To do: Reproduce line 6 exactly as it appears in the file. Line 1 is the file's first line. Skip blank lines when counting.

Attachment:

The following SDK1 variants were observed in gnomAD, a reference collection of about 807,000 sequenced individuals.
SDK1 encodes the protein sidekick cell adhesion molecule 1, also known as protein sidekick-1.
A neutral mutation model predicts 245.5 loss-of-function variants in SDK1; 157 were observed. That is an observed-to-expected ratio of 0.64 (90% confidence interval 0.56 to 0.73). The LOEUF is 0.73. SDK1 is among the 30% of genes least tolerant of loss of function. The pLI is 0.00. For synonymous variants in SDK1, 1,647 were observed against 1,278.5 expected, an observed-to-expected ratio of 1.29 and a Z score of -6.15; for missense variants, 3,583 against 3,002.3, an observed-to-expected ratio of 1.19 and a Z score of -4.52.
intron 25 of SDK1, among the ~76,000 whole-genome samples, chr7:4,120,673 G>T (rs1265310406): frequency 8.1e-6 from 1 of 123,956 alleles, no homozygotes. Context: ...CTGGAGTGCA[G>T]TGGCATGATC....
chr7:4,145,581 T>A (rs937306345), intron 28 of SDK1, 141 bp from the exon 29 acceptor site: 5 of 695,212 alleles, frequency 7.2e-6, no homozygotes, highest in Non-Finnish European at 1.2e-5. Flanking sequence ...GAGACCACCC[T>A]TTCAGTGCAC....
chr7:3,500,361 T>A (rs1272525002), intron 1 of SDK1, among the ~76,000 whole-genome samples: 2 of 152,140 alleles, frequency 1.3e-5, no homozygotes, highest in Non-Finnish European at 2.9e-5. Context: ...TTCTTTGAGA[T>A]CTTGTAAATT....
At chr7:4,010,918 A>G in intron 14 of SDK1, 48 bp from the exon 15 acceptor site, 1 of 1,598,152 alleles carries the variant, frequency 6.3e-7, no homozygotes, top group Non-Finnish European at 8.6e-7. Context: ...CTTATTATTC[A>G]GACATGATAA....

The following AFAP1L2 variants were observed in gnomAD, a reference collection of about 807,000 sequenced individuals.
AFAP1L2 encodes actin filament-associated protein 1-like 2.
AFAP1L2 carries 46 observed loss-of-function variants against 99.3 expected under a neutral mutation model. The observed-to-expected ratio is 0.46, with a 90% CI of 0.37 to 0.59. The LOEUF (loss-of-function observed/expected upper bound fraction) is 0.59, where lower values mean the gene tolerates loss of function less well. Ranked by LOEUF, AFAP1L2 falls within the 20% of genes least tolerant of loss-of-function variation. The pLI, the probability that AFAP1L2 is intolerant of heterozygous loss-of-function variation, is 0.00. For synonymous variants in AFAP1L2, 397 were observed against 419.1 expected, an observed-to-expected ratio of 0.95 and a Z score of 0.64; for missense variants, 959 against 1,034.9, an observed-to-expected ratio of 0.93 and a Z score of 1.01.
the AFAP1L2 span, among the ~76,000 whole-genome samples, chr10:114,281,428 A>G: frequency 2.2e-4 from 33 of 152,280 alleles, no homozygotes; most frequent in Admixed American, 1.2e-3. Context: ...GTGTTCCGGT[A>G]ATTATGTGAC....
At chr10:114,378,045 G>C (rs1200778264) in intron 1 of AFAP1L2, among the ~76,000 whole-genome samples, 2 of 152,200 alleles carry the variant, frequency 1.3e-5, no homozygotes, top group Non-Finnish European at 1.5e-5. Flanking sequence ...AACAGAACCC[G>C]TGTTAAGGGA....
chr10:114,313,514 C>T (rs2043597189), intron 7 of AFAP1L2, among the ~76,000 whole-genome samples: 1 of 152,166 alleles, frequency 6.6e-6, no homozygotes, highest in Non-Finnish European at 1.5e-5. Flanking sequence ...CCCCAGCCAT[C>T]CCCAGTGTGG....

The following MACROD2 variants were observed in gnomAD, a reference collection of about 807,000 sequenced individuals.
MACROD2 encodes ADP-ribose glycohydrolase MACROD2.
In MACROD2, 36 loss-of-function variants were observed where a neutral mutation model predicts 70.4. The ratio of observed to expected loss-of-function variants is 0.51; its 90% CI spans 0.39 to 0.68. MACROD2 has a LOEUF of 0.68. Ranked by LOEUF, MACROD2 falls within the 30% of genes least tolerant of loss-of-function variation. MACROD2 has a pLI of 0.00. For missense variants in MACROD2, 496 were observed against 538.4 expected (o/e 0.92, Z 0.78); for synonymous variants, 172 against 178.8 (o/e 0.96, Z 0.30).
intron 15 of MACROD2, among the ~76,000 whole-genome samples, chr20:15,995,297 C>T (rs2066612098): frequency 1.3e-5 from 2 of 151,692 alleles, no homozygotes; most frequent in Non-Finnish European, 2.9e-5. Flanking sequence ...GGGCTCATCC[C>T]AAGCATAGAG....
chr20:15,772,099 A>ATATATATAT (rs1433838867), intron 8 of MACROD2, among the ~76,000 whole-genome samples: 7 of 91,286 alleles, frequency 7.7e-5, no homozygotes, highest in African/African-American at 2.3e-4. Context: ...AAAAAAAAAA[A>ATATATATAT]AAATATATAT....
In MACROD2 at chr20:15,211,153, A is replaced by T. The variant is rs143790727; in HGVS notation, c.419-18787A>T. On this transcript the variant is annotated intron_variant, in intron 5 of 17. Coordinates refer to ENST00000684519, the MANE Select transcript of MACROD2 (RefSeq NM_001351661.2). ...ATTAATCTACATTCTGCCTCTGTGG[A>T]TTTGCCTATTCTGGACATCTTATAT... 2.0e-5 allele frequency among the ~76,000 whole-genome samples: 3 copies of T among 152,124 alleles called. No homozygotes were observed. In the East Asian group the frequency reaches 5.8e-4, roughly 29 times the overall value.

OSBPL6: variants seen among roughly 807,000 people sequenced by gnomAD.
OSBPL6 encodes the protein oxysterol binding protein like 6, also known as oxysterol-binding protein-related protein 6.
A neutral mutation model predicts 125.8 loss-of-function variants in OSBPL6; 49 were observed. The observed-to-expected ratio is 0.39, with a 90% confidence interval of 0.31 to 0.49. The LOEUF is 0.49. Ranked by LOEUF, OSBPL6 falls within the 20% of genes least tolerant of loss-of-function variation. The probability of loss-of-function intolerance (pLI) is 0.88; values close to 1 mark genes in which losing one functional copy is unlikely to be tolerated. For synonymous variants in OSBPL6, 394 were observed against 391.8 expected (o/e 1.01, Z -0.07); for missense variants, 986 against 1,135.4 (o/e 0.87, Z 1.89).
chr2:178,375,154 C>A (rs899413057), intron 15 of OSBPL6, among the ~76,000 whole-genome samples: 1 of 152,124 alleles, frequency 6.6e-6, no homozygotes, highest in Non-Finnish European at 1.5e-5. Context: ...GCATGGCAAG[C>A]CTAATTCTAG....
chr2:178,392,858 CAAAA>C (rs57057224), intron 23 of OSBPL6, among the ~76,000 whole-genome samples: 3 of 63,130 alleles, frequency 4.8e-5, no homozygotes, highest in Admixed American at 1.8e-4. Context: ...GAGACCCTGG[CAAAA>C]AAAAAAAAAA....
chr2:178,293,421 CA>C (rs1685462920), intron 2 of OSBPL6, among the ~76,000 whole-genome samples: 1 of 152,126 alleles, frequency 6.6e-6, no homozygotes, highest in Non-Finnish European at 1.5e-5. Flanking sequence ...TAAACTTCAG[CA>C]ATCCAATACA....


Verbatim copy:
chr7:3,500,361 T>A (rs1272525002), intron 1 of SDK1, among the ~76,000 whole-genome samples: 2 of 152,140 alleles, frequency 1.3e-5, no homozygotes, highest in Non-Finnish European at 2.9e-5. Context: ...TTCTTTGAGA[T>A]CTTGTAAATT....